Graduate already! The film franchises that refuse to move on

As our Finalists prepare to face the big, bad world, we take a look at franchises we love that need to let go

Pirates of the Caribbean
By Olivia Ballantine-Smith

Pirates of the Caribbean is back, and it’s more impenetrable than ever. How many PotC films have we had now?Four? Five? What started as a genuinely funny, well-executed franchise is now notable only for its popularity among high school orchestras.

This isn’t to say that the most recent films aren’t enjoyable – critical reception aside, these are big-budget, high-grossing projects for a reason – but they just don’t have the charm of the original film. Johnny Depp is getting older, Geoffrey Rush’s eyebrows are running out of ideas, and the uniforms make no sense to anyone with more than a passing interest in piratical history.

It’s time for the PotC franchise to move on. Bigger and better things may not be possible for the A-listers in the cast, but surely they can aspire to something with fewer plot holes.

 

Alien
By Simon Fearn

You would think by now folks would have learnt that sticking your head in a big alien egg is a Bad Idea. It appears not.

In the recently-released Alien: Covenant the iconic ‘face-hugger’ scene is played with a variety of winks and nudges. Don’t worry, insists evil android David (Michael Fassbender). It’ll be fine, he says. We know it won’t be.

As partial as I am to an alien gore-fest, it appears too many Xenomorphs do spoil the broth. Watching aliens rip through people’s chests now appears humdrum and routine.

Prometheus and Alien: Covenant attempted to revitalise the franchise with some unconvincing metaphysical posturing, but it only served to spoil the original films’ sense of mystery.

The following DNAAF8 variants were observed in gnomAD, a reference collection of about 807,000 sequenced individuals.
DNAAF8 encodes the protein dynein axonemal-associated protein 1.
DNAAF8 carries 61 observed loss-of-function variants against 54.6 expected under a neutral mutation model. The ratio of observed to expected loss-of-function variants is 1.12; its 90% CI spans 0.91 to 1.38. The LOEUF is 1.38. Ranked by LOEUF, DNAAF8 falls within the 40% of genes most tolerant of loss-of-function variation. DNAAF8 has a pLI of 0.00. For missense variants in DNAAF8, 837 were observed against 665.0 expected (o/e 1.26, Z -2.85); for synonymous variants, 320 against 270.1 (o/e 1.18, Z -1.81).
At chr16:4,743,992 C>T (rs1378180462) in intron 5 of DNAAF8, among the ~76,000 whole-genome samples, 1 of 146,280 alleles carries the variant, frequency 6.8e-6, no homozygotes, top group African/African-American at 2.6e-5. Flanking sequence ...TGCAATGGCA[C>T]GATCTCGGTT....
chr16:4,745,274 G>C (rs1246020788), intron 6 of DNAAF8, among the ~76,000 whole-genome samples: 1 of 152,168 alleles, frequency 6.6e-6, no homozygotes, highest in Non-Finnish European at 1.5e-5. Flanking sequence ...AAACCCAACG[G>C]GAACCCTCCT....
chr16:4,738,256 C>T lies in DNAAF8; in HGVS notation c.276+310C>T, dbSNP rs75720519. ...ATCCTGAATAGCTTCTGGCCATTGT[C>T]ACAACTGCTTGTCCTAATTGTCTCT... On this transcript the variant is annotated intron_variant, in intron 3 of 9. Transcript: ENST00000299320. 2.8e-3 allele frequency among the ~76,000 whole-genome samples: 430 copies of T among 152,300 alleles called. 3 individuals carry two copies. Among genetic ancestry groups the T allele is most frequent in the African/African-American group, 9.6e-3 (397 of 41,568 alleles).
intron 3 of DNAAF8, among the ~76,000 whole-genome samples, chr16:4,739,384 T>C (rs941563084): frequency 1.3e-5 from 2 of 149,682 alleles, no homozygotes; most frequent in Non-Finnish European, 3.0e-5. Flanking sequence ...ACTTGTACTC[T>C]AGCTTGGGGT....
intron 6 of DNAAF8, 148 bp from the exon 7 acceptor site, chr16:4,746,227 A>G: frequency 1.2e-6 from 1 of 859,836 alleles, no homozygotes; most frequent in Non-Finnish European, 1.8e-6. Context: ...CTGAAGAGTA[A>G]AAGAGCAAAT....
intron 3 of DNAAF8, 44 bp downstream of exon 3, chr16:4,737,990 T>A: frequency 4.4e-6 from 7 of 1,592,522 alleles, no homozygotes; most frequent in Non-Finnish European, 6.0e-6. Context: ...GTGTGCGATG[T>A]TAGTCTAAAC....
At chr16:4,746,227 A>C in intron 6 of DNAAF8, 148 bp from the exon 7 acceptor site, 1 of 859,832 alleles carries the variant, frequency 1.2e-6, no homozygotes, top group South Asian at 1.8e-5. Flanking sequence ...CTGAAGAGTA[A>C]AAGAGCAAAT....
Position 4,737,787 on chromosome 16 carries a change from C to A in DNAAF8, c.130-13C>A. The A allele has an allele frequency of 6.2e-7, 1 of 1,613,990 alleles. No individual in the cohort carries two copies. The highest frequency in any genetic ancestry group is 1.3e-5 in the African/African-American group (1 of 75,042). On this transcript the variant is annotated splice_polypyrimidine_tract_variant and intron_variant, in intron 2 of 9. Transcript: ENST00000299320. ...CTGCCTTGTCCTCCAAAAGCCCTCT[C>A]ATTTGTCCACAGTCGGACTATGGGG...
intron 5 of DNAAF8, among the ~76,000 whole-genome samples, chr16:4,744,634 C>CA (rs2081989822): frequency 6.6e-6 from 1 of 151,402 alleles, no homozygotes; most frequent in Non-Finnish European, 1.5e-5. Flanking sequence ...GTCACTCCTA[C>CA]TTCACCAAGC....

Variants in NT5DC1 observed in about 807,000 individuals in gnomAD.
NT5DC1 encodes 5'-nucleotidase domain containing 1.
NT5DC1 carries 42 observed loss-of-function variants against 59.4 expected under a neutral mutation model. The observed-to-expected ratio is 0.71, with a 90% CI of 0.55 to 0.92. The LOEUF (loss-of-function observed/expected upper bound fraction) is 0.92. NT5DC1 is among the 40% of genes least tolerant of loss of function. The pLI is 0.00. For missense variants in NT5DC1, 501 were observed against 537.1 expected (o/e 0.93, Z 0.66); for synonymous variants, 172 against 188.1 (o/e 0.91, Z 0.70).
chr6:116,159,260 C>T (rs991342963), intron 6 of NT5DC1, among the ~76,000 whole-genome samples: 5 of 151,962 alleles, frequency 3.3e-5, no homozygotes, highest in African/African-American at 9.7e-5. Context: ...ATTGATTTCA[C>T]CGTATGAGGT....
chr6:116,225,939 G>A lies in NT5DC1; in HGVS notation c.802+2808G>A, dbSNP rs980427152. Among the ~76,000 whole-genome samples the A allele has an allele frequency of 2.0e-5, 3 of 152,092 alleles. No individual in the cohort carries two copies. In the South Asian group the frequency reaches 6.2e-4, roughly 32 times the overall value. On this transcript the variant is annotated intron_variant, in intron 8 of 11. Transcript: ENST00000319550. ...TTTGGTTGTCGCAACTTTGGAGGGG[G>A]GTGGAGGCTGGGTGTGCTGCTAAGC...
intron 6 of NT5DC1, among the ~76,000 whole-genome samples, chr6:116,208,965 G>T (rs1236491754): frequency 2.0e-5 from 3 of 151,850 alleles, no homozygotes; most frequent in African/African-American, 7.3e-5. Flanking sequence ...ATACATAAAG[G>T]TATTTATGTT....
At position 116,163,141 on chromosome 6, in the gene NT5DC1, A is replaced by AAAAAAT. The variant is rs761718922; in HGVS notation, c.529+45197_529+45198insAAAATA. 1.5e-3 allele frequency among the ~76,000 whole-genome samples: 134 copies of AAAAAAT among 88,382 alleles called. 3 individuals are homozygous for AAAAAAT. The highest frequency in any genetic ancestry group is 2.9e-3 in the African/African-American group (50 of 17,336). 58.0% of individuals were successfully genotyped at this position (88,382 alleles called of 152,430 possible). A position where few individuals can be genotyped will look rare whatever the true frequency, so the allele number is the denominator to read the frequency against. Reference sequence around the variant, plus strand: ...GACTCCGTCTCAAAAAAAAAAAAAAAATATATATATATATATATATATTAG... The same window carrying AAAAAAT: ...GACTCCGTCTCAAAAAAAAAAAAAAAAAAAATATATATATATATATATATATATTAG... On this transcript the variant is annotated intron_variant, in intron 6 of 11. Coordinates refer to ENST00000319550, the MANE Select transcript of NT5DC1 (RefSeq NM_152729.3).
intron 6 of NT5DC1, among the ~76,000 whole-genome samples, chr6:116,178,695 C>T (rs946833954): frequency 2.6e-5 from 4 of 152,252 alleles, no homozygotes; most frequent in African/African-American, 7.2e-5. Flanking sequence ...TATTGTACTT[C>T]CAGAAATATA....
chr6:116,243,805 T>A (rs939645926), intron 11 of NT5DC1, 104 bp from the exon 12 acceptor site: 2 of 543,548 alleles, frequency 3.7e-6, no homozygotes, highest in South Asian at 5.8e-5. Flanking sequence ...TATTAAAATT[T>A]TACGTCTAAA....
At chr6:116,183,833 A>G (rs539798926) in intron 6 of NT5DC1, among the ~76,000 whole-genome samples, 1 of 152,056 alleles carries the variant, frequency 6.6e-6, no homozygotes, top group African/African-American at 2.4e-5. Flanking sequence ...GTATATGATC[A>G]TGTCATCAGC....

No subsequent Alien has ever been as scary as Ridley Scott’s original. Now on its sixth standalone outing, the formula of mysterious distress calls and astronauts’ shoddy risk assessment is becoming noticeably tired.

They’ve had a good run (if we ignore Alien 3 and Alien: Resurrection): it’s time to put the Xenomorphs to bed.

 

Fast and Furious
By Florianne Humphrey

If Fast and Furious wrote a recipe book, all their cakes would look the same, contain the same ingredients, be iced identically, and taste more and more bland every time.

Each recipe would read something like this: ten litres of fast super cars in eye-watering colours; five grams of beautiful but scantily clad women, preferably grinding against said cars; three ounces of heavy rap music; two cups of exotic locations with lax driving laws; a few slices of male heroes too muscly to walk properly, and, finally, a sprinkling of cheesy one-liners that give dad jokes a run for their money.

The recent film perhaps waved the final white flag of surrender. When the cars were driving on the roof of a submarine, I checked myself and my long-standing loyalty to the franchise and decided enough was enough.

It was a great ride, Fast and Furious, but you’ve reached your top speed and now, sadly, it’s time to retire to the scrap heap before you suffer that inevitable crash.

Image: Faye Chua

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